cover image Burn Down the Ground

Burn Down the Ground

Kambri Crews. Villard, $25 (352p) ISBN 978-0-345-51602-2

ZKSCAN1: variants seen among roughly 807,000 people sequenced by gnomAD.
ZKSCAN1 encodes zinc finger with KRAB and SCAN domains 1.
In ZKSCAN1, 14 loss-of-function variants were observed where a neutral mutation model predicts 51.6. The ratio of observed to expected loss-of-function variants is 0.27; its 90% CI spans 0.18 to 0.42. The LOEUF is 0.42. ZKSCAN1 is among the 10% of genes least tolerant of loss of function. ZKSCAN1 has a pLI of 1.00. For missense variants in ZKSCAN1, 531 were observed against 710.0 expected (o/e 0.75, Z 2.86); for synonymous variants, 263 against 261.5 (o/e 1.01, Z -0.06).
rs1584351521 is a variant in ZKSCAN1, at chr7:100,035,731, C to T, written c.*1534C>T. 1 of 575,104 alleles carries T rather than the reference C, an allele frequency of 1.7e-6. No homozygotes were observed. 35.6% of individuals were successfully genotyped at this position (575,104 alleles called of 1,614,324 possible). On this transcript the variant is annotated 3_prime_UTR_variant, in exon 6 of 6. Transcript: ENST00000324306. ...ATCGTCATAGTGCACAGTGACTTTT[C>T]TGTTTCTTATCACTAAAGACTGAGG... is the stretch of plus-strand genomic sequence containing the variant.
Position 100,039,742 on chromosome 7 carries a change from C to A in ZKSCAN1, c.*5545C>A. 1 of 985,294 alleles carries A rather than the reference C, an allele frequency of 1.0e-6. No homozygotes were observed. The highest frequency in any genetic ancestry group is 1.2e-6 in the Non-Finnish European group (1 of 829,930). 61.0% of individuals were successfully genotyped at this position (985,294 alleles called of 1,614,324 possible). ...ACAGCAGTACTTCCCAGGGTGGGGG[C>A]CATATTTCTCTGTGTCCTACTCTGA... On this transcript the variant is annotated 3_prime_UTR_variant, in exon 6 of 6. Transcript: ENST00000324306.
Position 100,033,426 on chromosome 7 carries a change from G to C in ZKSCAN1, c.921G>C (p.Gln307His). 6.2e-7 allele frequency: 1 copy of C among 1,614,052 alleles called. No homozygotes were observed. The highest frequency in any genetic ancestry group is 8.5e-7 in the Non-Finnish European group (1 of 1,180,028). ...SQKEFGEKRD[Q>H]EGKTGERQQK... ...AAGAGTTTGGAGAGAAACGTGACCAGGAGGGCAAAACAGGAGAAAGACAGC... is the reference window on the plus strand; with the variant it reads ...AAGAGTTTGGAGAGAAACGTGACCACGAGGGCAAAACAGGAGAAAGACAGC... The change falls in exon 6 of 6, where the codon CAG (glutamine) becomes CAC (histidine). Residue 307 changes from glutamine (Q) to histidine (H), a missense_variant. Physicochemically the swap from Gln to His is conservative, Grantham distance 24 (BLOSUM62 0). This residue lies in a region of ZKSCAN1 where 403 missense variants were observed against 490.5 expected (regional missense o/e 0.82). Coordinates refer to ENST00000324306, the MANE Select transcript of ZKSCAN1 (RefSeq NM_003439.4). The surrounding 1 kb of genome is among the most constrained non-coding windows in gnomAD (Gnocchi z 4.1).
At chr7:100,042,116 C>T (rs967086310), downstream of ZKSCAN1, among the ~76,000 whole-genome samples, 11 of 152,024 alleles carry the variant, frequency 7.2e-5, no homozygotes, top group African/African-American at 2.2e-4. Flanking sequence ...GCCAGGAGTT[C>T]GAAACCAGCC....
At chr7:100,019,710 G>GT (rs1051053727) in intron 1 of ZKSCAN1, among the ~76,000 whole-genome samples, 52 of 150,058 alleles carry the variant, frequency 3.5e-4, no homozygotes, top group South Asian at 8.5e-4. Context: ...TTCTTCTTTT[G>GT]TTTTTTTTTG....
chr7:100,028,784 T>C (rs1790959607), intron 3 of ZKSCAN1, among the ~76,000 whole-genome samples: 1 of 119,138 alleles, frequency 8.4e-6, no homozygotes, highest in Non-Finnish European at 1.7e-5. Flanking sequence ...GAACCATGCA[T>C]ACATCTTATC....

In her intensely readable memoir, Crews, who owns a PR company in New York City, paints a vivid portrait of an impoverished childhood in rural Texas with hearing-impaired parents, her father who’s her hero turned monster. For the family, life is so hardscrabble that at one point they have to live in the shed once home to her horse. Despite many such moments, they love their pioneering Little House days without indoor plumbing or electricity. Crews even has her own Pa Ingalls, a craftsman father who rebuilds a bridge connecting their isolated hamlet to the outside world. “In my eyes, he was Daniel Boone, Frank Lloyd Wright, Ben Franklin, and Elvis Presley all rolled into one.” But underneath her idyllic early years, as her extremely protective mother comes to reveal in pieces, her father has a ballooning dark side sparked by raging frustration and alcoholism. Arrests, womanizing, and a mysterious bruise on her mother’s cheek set the harrowing stage for Crews’s adolescence. When she is in high school, the escalating violence sets off a cataclysmic chain of events and her dad ends up in prison for attempted murder. Crews finds solace in a boyfriend, marries before she graduates, and plots her getaway from Texas and her fractured family. But she is left with conflicted memories of a man she once adored and came to fear. Finally, it’s the lingering recollections of a loving father that Crews is able to hold onto. (Mar.)